John Day River, Astoria.
View Larger Map
I have joined this Meet Up group called Kayak Portland. It is a loosely knit bunch of people that use the internet application "Meet Up" to organize and attend kayaking outings. I had not heard of Meet Ups before, but they are evidently very popular. The young woman that runs this one does it as a public service and is very serious about keeping it free and accessible to all. I guess there are hundreds of members but they usually have 10 to 20 kayaks that actually show up to an event. I bet that more people show up at the events that are closer to Portland and occur during warmer weather...
But this trip was very pleasant. The sun decided not to come out (despite what the weatherman had to say) but the temperature was moderate and the wind was nill (and it didn't rain).
When I first saw the name of this trip, John Day River, I said to myself, "No Way", John Day River winds through John Day County and that is like a 4 or 5 hour drive just to get there, and I don't think that river is navigable by a flat water kayak.. need a white water boat for the parts of the river I have seen.
So what is up with that?
Then I notice the address..... Astoria. Astoria is the town at the mouth of the Columbia river. It is like at the other end of the state from John Day County. Could there possibly be two John Day Rivers? Yes. Yes there could.
How unreal. My Son, Daniel, and I did an exploration trip up through John Day County to the John Day Fossil beds and the Painted Hills and such. In the beautify little town of John Day we watched a deer run down the main street and then found a plaque that explained why everything was named John Day:
John Day was an early settler who traveled down the Columbia river. One night he made camp at a tributary that dumps into the Columbia and while he was there he was accosted by a band of Indians. They robbed him and left him naked on the river bank. Sometime later a passing barge saw him waving, picked him up and took him to safety. But from that day on people would point to that tributary mouth and say, "See that River? That is the one where they found John Day butt naked"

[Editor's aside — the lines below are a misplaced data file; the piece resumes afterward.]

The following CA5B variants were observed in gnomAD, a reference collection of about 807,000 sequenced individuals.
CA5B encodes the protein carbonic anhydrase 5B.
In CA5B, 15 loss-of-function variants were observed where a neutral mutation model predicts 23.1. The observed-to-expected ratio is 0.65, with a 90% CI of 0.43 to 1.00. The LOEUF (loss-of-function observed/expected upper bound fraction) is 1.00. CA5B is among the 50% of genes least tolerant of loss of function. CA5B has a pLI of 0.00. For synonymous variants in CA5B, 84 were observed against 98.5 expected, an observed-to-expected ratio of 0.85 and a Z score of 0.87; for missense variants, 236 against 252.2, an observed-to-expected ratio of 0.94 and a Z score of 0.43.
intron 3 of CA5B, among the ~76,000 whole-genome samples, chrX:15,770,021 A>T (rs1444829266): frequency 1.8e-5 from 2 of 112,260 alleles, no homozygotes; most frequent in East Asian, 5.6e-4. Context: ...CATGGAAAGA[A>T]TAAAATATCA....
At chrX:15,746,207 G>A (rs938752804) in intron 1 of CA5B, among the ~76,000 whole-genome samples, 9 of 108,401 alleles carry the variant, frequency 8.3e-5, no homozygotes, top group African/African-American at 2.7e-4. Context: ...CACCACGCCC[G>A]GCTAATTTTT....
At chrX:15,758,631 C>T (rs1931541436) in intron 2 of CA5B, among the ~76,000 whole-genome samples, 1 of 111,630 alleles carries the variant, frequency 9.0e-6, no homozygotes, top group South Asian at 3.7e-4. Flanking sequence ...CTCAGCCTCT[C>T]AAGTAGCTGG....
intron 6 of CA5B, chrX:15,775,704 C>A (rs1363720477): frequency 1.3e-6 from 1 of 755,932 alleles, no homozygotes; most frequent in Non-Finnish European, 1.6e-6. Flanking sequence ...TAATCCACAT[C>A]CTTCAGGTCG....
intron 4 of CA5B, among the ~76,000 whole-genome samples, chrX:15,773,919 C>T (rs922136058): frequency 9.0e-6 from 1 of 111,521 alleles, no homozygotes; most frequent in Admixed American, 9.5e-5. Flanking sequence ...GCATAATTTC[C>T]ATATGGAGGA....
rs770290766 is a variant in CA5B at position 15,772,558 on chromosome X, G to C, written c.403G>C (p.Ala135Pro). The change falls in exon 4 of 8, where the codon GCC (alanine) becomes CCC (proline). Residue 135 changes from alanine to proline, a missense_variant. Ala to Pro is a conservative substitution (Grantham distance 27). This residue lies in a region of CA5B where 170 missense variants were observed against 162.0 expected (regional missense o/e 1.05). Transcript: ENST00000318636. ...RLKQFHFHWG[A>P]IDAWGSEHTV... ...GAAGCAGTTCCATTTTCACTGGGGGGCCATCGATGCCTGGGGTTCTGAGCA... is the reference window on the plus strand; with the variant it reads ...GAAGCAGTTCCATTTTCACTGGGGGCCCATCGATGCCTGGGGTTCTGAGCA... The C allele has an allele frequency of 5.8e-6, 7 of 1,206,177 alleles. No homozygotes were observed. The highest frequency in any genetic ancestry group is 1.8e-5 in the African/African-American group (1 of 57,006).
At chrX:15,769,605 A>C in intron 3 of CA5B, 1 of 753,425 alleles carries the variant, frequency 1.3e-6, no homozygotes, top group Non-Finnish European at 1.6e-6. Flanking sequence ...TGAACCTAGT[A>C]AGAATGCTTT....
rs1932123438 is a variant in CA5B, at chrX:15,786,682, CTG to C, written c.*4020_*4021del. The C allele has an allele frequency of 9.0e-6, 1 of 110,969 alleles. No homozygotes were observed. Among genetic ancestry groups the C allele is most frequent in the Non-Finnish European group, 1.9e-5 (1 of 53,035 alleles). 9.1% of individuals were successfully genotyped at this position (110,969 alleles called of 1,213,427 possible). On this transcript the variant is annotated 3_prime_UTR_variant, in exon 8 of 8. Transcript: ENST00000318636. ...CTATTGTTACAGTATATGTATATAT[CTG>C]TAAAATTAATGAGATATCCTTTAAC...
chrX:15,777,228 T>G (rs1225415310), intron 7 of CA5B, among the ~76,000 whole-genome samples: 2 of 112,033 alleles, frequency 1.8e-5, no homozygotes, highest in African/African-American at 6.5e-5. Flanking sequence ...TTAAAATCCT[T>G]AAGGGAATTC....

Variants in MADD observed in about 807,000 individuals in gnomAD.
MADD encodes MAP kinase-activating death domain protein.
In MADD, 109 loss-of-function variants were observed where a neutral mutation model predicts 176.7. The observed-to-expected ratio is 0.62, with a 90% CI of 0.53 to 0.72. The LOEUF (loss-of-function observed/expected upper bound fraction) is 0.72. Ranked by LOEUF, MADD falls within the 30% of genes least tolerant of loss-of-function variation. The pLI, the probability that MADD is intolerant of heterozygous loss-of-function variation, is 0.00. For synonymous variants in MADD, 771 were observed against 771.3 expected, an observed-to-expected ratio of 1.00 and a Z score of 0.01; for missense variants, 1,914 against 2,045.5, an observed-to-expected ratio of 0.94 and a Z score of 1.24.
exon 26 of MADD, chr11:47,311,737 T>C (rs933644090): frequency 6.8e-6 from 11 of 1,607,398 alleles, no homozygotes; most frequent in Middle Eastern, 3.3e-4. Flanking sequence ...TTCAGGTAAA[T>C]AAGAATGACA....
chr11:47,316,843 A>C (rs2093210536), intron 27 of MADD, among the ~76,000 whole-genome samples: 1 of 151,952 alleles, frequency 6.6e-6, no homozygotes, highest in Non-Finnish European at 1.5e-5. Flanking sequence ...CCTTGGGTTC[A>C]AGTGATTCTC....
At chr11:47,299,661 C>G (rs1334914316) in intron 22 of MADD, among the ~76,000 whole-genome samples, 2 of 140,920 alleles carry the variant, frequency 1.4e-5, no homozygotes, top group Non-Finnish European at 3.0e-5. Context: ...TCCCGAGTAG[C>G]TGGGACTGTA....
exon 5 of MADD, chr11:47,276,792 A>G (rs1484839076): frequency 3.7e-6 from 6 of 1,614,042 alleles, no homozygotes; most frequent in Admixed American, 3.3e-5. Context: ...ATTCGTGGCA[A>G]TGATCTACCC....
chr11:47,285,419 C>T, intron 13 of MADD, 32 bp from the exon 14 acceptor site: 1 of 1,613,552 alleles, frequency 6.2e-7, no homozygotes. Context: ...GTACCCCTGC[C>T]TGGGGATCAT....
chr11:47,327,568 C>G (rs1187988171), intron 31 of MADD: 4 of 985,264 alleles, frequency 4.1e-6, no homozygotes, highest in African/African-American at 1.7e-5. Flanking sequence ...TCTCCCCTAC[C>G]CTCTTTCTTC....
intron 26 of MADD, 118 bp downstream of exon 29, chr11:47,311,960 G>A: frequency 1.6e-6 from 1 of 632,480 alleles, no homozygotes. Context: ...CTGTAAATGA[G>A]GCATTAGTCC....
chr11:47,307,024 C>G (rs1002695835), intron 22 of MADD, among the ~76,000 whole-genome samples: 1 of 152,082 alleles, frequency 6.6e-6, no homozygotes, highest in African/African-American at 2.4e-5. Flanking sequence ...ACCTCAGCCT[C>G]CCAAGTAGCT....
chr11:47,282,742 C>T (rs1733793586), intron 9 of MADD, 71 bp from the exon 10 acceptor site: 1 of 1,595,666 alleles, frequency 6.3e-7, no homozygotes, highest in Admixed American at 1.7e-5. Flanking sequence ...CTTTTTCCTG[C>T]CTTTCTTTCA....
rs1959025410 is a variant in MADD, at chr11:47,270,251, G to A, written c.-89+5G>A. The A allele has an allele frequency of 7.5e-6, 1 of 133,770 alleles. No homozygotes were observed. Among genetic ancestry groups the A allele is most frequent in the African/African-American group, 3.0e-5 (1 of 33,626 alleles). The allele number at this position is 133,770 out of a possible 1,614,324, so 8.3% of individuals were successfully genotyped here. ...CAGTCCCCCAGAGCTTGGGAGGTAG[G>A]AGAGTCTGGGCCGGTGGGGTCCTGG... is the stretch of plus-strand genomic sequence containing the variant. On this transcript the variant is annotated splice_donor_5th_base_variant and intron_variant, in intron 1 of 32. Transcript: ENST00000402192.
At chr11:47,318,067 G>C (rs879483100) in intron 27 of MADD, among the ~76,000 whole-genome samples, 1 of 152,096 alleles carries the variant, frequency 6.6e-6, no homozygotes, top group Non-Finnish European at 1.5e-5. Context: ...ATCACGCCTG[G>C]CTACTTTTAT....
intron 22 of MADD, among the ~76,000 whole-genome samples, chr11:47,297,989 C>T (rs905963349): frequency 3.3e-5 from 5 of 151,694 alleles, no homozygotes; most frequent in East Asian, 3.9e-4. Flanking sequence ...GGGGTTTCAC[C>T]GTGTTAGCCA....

And so it became the John Day River. And so the county that it drained became John Day County, and so the hugely important fossil beds became the John Day Fossil Beds National Monument.
So how did he screw up to get the other river named after him? I will research and get back to you.
But for now, back to the Kayak trip.
I drove out highway 30 which winds down the Oregon side of the Columbia river toward the river mouth. It is an interesting drive, lots of foresting and log milling and other half abandoned little towns. And from Hillsboro to the boat ramp really was the 2 hour drive that Google Maps had predicted. The boat ramp at the county park is easy to find and well maintained. Bring $3 worth of dollar bills or coins to pay a parking pass. The tide was still on the make for this paddle and so we were riding with a little current.
The beginning of our little trip is a area of old floating homes and boat houses. They have a very protected area and easy access to the columbia. Of course, the Columbia River Bar is supposed to be very dangerous. Maybe these guys just stay on the Columbia.
|The Big Boy on the River. He probably does the bar|
This John Day is a tidal creek, very reminiscent of the creeks back in South Carolina coastal lands. There isn't any obvious incoming river, but rather the entire current is defined by the in and out of the tide. Today was evidently a massively high tide. We saw a few trees that obviously didn't get drowned this often (or they would be dead) and our trip leader was very surprised by how much water was at the place that she thought of as the end of the line. We all wanted to go under the bridge, but Julie said no. Looking at Google Maps, I think it was a good call. At least at low tide it looks like there is nothing over there for a kayak. Hmm. It looks like even where we were may have been mostly mud.
|The Bridge at the end of the line|
However, we had a nice 4 mile paddle (each way). Very calm and glassy water. Some very nice houses, and some pretty funky looking shacks. Most of the boats we saw seemed to be "under repair" also. Though it looked like a great little place to get away. You could hear the strains of "dueling banjos" echoing through the pines.
We saw Heron, Stellar Jay, Mallard, Cormorant, Kingfisher, Canada Goose, and Bamboo. The Bamboo was kind enough to not fly away. Much of the banks along here was dike. We couldn't see over it but I am guessing that the other side was drained land that is now under the plow.
|See the Dike, there?|
|Julie called these: Three Identical trees in progressive states of decline|
|Just a pleasant trip with new friends|
|This guy had to have his antennae on the other side of the river.|
|The view from Lunch|
|I bet this happens all of the time.|
|We cut back through Jewel on the way home. Elk Viewing.|
|And Subaru Viewing.|